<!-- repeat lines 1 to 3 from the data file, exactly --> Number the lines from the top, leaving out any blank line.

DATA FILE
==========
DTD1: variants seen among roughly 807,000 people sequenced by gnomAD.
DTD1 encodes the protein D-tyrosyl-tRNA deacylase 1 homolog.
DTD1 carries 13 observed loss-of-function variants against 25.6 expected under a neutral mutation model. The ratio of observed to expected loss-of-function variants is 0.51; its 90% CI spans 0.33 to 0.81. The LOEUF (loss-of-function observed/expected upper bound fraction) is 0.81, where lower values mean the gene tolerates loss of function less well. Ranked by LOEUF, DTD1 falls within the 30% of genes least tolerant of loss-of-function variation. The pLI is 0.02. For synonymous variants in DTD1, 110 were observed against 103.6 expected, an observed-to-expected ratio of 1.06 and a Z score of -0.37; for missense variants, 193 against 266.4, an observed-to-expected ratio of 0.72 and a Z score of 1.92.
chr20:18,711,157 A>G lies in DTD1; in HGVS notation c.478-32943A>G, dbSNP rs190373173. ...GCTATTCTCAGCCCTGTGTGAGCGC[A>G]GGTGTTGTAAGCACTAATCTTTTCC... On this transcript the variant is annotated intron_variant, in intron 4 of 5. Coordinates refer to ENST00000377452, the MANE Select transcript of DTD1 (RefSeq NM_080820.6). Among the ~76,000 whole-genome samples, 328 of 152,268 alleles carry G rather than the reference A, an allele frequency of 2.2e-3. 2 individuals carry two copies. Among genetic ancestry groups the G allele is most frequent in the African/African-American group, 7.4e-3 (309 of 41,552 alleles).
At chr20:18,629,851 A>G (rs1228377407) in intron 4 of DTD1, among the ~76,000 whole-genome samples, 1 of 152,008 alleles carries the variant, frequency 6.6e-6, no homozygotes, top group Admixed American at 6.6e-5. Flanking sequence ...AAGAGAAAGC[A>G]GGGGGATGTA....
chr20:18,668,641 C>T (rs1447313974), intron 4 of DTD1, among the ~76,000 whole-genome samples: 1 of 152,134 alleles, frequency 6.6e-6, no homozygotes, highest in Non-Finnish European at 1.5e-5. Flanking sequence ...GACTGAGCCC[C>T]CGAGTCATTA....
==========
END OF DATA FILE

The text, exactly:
DTD1: variants seen among roughly 807,000 people sequenced by gnomAD.
DTD1 encodes the protein D-tyrosyl-tRNA deacylase 1 homolog.
DTD1 carries 13 observed loss-of-function variants against 25.6 expected under a neutral mutation model. The ratio of observed to expected loss-of-function variants is 0.51; its 90% CI spans 0.33 to 0.81. The LOEUF (loss-of-function observed/expected upper bound fraction) is 0.81, where lower values mean the gene tolerates loss of function less well. Ranked by LOEUF, DTD1 falls within the 30% of genes least tolerant of loss-of-function variation. The pLI is 0.02. For synonymous variants in DTD1, 110 were observed against 103.6 expected, an observed-to-expected ratio of 1.06 and a Z score of -0.37; for missense variants, 193 against 266.4, an observed-to-expected ratio of 0.72 and a Z score of 1.92.